50 pounds is a lot of chickpeas and that bag usually lasts us over a year. His recipes for both are simple, delicious, and dirt cheap. If I had a chickpea for every time someone asked me for his hummus recipe, I’d never have to buy chickpeas again. And so, here you go, folks:
Mr. FW’s Healthy, Hearty Homestead Hummus
- Garbanzo beans aka Chickpeas (we use dried beans because they’re cheaper, but canned beans would work just fine too)
- Garlic (1 clove)
- Salt (to taste)
- Lemon (the juice of three lemons plus zest their rinds)
- Water (until the texture is right)
- Olive Oil (until the texture is right)
1) Cook garbanzo beans with garlic, salt and bay leaves (if using dried beans).
2) Put desired amount of garbanzo beans into a food processor.
3) Chop 1 clove of garlic and add to the food processor. You can do a rough chop since the food processor will do most of the chopping for you.
4) Add salt to taste.
5) Squeeze three lemons and add their juice. Zest the rinds of all three lemons.
6) Turn on the food processor.
7) Add a small amount of water as you start the blending process.
8) Pour in olive oil as it blends.
9) Periodically stop the blender and stir to ensure there are no clumps.
10) Blend it to your desired consistency.
Voila! Hummus. As you’ll note, there’s no tahini in our hummus because tahini is expensive and we happen to like our hummus without it.
Credits Cards: How We Buy Everything
Mr. Frugalwoods and I purchase everything we possibly can with credit cards because:
- It’s easier to track expenses. No guesswork over where a random $20 bill went; it all shows up in our monthly expense report from Personal Capital. I spend less money because I KNOW I’m going to see every expense listed at the end of each month. Here’s a more detailed explanation of how I use Personal Capital for my expense tracking (and other stuff too).
- We get rewards. Credit card rewards are a simple way to get something for nothing. Through the cards we use, Mr. FW and I get cash back as well as hotel and airline points just for buying stuff we were going to buy anyway.
- We build our credit. Since Mr. FW and I don’t carry debt other than our mortgages, having several credit cards open for many years helps our credit scores. By the way, it’s a dirty myth that carrying a balance on your credit card helps your credit score–IT DOES NOT. Paying your cards off IN FULL every month and keeping them open for many years does help your score.
For more on my credit card strategy, check out The Frugalwoods Guide to a Simple, Yet Rewarding, Credit Card Experience. I also wrote this guide on how to find the best credit card for you.
If you want a simple cash back credit card, here are a few good options that don’t have annual fees:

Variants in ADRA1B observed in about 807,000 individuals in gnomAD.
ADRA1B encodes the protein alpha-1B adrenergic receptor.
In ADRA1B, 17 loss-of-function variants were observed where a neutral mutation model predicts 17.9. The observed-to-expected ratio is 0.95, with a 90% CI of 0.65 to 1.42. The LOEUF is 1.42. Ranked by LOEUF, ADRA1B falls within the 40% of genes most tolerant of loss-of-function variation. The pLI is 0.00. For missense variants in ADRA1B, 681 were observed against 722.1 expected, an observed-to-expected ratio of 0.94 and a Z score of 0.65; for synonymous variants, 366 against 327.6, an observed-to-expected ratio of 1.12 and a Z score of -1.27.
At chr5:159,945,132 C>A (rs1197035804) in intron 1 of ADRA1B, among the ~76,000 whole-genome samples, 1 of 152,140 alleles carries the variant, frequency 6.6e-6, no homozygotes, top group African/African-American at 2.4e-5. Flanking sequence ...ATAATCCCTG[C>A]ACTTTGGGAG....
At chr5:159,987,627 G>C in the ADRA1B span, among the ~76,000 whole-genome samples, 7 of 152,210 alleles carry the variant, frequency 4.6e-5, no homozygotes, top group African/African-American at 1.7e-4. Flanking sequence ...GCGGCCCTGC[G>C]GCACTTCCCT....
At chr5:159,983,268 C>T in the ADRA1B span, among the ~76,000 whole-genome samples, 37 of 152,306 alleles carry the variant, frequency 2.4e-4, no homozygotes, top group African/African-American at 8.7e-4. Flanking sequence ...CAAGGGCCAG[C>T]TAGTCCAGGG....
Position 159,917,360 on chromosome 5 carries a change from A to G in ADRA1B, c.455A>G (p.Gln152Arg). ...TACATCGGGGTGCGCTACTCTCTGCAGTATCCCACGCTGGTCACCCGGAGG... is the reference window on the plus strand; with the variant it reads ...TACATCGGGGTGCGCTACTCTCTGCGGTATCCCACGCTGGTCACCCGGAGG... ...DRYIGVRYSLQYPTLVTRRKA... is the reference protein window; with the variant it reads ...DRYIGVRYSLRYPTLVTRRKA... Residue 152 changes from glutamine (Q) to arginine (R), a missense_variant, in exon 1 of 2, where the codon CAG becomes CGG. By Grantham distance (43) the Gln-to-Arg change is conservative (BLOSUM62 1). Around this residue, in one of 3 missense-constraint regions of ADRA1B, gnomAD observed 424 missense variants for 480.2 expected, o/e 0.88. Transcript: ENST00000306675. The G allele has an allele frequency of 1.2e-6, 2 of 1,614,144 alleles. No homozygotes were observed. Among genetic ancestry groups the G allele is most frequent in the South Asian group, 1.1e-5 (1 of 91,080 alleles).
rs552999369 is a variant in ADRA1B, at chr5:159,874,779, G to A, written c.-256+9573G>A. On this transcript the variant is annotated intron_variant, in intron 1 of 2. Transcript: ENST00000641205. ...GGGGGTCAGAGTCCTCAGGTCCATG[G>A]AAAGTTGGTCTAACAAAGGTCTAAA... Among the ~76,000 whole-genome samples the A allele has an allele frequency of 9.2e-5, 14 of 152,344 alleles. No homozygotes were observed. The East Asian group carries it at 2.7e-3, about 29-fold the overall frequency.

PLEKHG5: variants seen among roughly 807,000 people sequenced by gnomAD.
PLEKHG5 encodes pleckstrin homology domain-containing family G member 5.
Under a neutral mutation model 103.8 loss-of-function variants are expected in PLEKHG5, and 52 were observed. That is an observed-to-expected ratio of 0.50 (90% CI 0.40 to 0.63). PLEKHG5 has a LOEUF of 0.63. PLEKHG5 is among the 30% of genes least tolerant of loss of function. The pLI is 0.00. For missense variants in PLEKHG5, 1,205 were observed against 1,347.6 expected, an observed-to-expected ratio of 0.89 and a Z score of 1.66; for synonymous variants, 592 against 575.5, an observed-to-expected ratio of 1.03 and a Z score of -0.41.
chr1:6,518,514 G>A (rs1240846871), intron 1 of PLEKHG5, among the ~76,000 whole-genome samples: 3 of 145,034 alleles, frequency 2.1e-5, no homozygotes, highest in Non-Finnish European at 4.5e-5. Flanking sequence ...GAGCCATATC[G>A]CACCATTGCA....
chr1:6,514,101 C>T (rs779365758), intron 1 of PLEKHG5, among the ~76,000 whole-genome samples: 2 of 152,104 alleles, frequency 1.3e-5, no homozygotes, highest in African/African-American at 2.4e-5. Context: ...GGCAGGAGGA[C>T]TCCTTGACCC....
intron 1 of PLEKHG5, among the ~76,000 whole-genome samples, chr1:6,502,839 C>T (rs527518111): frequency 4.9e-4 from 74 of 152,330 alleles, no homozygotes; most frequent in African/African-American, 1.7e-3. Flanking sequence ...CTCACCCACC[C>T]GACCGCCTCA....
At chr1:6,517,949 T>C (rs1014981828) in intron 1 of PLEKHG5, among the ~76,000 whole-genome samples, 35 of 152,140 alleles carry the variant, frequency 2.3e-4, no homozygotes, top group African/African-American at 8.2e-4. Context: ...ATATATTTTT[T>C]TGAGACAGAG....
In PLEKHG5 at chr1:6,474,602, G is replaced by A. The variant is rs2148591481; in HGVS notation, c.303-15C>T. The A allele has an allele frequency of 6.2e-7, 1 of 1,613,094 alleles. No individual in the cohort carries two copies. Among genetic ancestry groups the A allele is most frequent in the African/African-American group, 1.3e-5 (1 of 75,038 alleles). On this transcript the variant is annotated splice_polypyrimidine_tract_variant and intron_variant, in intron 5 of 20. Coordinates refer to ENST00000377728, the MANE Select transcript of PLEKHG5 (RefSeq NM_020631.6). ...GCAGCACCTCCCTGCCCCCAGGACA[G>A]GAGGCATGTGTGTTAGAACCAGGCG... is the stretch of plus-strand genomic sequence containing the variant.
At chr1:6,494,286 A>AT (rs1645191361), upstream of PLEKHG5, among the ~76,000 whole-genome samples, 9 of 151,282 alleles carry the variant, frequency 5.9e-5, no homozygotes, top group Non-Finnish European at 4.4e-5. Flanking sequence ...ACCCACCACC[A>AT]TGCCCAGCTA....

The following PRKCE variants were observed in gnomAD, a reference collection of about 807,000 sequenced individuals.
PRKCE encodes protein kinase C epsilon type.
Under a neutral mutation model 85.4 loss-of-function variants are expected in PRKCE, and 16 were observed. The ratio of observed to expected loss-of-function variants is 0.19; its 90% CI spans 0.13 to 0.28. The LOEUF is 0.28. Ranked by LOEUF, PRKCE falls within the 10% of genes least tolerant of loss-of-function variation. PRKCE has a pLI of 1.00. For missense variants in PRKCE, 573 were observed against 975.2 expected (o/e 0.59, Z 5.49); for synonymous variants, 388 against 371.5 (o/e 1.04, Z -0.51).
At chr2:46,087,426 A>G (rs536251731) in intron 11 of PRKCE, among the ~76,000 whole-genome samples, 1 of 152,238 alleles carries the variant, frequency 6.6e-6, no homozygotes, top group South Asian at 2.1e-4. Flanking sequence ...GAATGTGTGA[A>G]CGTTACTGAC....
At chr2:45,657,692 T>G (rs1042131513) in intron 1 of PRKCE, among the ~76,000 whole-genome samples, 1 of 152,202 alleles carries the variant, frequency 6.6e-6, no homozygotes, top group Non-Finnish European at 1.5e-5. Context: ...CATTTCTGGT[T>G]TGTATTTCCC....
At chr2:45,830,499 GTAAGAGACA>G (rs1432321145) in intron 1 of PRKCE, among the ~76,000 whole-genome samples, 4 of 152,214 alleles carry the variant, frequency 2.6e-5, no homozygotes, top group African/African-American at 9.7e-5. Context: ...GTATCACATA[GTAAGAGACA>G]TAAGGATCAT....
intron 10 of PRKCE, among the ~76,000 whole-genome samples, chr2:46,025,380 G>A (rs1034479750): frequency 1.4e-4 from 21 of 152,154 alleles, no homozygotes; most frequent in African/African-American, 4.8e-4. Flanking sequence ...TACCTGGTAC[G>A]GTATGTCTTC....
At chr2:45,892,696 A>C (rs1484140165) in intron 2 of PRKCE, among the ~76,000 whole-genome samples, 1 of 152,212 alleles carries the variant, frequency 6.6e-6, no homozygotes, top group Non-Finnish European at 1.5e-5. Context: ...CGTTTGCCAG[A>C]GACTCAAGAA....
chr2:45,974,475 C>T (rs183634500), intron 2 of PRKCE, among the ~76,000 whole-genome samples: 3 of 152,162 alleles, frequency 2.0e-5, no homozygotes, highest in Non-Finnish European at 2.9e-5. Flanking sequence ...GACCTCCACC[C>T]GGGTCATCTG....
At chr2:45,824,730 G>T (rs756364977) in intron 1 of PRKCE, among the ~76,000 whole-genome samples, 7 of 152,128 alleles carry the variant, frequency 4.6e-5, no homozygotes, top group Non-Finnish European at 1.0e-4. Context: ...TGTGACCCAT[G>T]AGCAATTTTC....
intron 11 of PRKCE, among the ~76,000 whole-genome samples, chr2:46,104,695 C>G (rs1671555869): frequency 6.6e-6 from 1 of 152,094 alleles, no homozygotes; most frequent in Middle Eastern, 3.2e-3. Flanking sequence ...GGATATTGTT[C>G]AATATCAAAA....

- The Capital One® Quicksilver® Cash Rewards Credit Card. This one’s good because it offers a flat 1.5% cash back on all purchases. There are no categories to keep track of, you just get a straightforward 1.5% cash back on everything you buy. Nice, easy, and fee-free! What this means is that if you spend, for example, $1,000 on this card in a month, you’ll get $15 back. Plus, if you spend $500 in the first three months of having this card, you’ll get $150.
The Chase Freedom Unlimited is also excellent and also offers a flat 1.5% cash back on all purchases–with no categories or restrictions–which makes it super simple to use. This card also offers you $150 if you spend $500 in the first three months of having it.
- The Fidelity Rewards Visa (which is the card I have) offers 2% cash back on all purchases, with no categories or restrictions, but the downside is that it requires you to have a Fidelity account. If you’re already banking with Fidelity, then I think it’s a great deal, but if you’re not (and you don’t want to open a Fidelity account), I’d go with either the Capital One Quicksilver or the Chase Freedom Unlimited.
The best way to find a credit card that’ll work for you is to search for it yourself; I have a guide to help you do just that: The Best Credit Cards (and Credit Card Rewards)!
Huge caveat to credit card usage: you MUST pay your credit card bills in full every single month, with no exceptions. If you’re concerned about your ability to do this, or think that using credit cards might prompt you to spend more money, then credit cards are not for you–stick with a debit card or cash. But if you have no problem paying that bill in full every month? I recommend you credit card away, my friend! (note: the credit card links are affiliate links).
Cash Back Earned This Month: $39.39
The silver lining to our spending is our cash back credit card. We earn 2% cash back on every purchase made with our Fidelity Rewards Visa and this month, we spent $1,969.73 on that card, which netted us $39.39.
Not a lot of money, perhaps, but it’s money we earned for buying stuff we were going to buy anyway! This is why I love cash back credit card rewards–they’re the simplest way to earn something for nothing.
Personal Capital: How We Organize Our Expen$e$